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Yo Yo King

And now a word from our occasional Vancouver correspondent Tom Hawthorn, whose recent obituary of Harvey Lowe caught our eye:

The obituarist's working life is peopled by worthies and notables --
generals, statesmen, captains of industry.

Their stories often follow a predictable path from good schooling to
achievement to honors in retirement.

Being in the newspaper biz, we keep an eye open for the unusual.

So, when a paid notice described the departed as "King of the Yo-Yos,"
I knew I'd be following the trajectory of a life with more than the
usual ups and downs.

Harvey Lowe had done a number of interviews over the years and had
even been the subject of an eight-minute documentary, "State of Yo."
An interview with his daughter in San Francisco filled in other
details on what by any measure was a remarkable life.

Lowe was born in 1918 in Victoria, British Columbia, into a
traditional Chinese family. His mother had bound feet. His father, an
immigrant tailor, paid a hated "Chinese head tax" of $500 Cdn to enter
the country. (The sum was equal to about two years' wages for a
Chinese laborer.) Harvey was the youngest of 11 children, not all of
whom survived childhood, in a household that included his father's
concubine and her son.

He bought his first yo-yo for 35-cents, soon taking part in
neighborhood competitions. A promotor signed him for a tour of England
to promote the Cheerio company's No. 99 yo-yo.

A yo-yo craze swept the British isles in those dark Depression days of
1932. Harvey did demonstrations for audiences of schoolchildren and
royalty, performing at a ball whose audience included the aviatrix
Amelia Earhart as well as the Prince of Wales, heir to the throne.

In a showdown against other budding yo-yo whizzes, Harvey won what was
described as a world championship. He was just 13. His prize was a
year spent abroad, including a stint in Paris, where he appeared in
white tux and tails at nightclubs. Many years later, he would complain
of having been ushered out before the performance by nude dancing
girls.

After returning to Canada to complete his high school education, his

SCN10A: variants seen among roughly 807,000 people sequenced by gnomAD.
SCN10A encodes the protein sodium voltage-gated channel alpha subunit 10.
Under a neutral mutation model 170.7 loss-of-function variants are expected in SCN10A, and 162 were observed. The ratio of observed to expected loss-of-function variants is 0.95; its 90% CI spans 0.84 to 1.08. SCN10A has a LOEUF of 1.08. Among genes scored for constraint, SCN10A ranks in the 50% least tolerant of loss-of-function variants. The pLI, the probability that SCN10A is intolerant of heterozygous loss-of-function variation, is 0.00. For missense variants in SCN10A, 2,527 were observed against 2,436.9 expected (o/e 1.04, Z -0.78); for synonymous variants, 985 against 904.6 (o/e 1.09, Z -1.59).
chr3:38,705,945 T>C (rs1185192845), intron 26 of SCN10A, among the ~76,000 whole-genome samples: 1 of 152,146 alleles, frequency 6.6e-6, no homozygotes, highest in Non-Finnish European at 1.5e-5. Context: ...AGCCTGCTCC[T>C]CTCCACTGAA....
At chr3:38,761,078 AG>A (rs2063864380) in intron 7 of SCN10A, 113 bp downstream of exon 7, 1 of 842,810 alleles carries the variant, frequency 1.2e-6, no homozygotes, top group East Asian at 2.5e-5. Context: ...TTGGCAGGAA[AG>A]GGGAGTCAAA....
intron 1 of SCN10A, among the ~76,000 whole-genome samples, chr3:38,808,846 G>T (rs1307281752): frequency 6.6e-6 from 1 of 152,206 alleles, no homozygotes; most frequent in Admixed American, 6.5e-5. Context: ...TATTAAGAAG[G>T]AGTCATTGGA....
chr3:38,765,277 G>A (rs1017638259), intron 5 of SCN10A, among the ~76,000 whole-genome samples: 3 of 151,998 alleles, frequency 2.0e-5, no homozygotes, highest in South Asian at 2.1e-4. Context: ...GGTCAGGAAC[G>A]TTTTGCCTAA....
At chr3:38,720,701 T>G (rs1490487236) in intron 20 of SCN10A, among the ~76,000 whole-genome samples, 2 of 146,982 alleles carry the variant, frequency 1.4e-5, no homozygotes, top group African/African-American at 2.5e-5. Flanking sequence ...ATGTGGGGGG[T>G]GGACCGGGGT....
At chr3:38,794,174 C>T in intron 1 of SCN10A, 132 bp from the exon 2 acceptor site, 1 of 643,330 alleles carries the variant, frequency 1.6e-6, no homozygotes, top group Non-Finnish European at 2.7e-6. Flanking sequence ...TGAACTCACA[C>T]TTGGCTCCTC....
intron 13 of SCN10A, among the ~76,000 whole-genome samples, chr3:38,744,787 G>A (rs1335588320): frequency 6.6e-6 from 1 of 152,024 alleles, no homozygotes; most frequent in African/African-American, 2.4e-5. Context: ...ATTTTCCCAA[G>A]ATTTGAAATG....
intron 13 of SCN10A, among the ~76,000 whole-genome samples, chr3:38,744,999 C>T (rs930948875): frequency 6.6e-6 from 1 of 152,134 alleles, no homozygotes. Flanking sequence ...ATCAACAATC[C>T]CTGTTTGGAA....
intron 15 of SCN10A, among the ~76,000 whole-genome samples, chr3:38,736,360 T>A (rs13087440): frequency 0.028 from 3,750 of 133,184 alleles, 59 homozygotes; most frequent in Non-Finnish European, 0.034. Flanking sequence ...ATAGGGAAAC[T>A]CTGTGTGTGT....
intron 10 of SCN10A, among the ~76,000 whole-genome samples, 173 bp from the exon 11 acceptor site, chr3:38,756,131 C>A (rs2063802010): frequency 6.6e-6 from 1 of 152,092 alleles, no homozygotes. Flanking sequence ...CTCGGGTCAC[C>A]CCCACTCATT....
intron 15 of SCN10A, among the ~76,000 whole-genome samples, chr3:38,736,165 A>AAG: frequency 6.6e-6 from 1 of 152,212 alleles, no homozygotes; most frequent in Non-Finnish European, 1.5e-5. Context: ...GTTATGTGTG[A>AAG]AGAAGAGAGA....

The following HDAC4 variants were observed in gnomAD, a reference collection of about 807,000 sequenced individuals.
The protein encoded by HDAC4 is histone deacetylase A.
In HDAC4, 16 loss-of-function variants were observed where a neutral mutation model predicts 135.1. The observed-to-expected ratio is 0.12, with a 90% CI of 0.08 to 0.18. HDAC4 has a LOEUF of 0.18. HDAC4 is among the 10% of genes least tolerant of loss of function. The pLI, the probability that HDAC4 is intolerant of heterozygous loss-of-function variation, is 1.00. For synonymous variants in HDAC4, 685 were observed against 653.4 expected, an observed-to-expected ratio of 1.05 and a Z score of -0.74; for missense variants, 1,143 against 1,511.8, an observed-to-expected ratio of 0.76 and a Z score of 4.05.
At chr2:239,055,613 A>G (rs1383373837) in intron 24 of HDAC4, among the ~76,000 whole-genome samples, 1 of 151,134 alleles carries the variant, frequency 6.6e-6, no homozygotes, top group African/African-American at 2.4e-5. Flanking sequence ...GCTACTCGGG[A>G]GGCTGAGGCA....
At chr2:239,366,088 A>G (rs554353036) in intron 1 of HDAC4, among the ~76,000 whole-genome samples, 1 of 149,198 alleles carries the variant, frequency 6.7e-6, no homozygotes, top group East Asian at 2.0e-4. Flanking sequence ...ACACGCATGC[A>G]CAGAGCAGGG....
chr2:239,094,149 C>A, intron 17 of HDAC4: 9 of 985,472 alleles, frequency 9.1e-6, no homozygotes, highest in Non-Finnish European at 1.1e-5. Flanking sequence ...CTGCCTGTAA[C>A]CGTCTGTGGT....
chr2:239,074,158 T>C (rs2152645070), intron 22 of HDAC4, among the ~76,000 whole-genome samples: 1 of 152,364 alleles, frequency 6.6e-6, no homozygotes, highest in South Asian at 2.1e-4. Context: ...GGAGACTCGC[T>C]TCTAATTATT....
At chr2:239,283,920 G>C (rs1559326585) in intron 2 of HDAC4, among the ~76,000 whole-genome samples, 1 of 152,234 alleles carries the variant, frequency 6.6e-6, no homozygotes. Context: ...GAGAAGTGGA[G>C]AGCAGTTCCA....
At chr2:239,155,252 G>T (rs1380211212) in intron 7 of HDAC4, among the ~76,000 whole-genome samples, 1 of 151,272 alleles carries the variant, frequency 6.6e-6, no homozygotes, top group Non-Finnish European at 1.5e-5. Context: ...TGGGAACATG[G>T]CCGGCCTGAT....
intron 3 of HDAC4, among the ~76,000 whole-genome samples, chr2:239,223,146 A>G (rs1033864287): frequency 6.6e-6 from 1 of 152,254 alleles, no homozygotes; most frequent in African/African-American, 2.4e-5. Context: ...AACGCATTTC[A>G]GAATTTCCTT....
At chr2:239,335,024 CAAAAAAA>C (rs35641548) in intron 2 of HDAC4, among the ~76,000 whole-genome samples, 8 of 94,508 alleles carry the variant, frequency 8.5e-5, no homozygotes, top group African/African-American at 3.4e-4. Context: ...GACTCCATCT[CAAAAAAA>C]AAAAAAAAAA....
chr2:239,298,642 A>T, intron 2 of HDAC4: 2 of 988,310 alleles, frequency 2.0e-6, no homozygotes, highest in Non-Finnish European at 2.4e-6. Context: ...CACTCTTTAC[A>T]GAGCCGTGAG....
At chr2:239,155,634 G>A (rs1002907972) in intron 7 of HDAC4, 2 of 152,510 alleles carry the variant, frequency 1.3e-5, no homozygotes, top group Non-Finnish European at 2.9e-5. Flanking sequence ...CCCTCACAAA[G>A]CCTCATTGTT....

mother insisted he learn to write his birth name -- Lowe Kwong Yoi -- in
Chinese characters.

"You've got a Chinese face," she told him, "you've got to learn Chinese."

He was dispatched to live with an older sister in China. He survived
the Japanese occupation, only returning to Canada soon after the
Communist takeover of Shanghai in 1949.

In an era when a night club show might include a half-dozen acts, he
found steady work on the thriving Vancouver supper-club circuit with
his yo-yos, opening for such acts as the Ink Spots.

A prominent figure in Chinatown, he was asked by the film director
Robert Altman to round up 100 ethnic Chinese for a scene he was
shooting. Lowe enlisted friends, family and customers of the
restaurant he managed. He even got a credit in the 1971 movie, "McCabe
& Mrs. Miller." During the filming, the actress Julie Christie asked
him to show her the proper technique for smoking opium.

In 1988, he performed some of his repertoire of more than 1,000 tricks
on a television broadcast of The Smothers Brothers Comedy Hour. He
wore an elaborate robe while portraying a Confucius Yomaster.

Any obituary with bound feet, a famous aviatrix, a prince, nude
dancers, Communists, the Ink Spots, a famous movie director and a
beautiful actress, not to mention opium, is a story worth the telling.

But Lowe's tale is incomplete.

What happened during the war?

Lowe once described his time in Shanghai under the Japanese occupation
as one of intrigue. He was a bilingual foreigner who could pass as a
local. He said he had been recruited as a spy by Japanese
intelligence. He insisted he used his privileged position only to
protect friends. Though the occupation was a time of brutality, Lowe
described a life in which he travelled by limousine protected by
bodyguards. He described tossing packs of cigarettes to Canadians
interned by the Japanese after the attack on Pearl Harbor.

Time, distance, and language made it impossible to learn more about
his 12 years in China. Questions linger. How did an enemy alien escape
imprisonment? How was he regarded by the Japanese? By his friends? If
he was deliberately sabotaging the information he passed to the
Japanese, how did he avoid discovery?

I know he emerged after the war as a popular radio host. But much else
of his time in Shanghai, the city whose very name whispers intrigue,
remains unknown. I can't help but wonder what Robert Altman would do
with those missing years.

By Adam Bernstein  |  May 17, 2009; 7:15 AM ET
 
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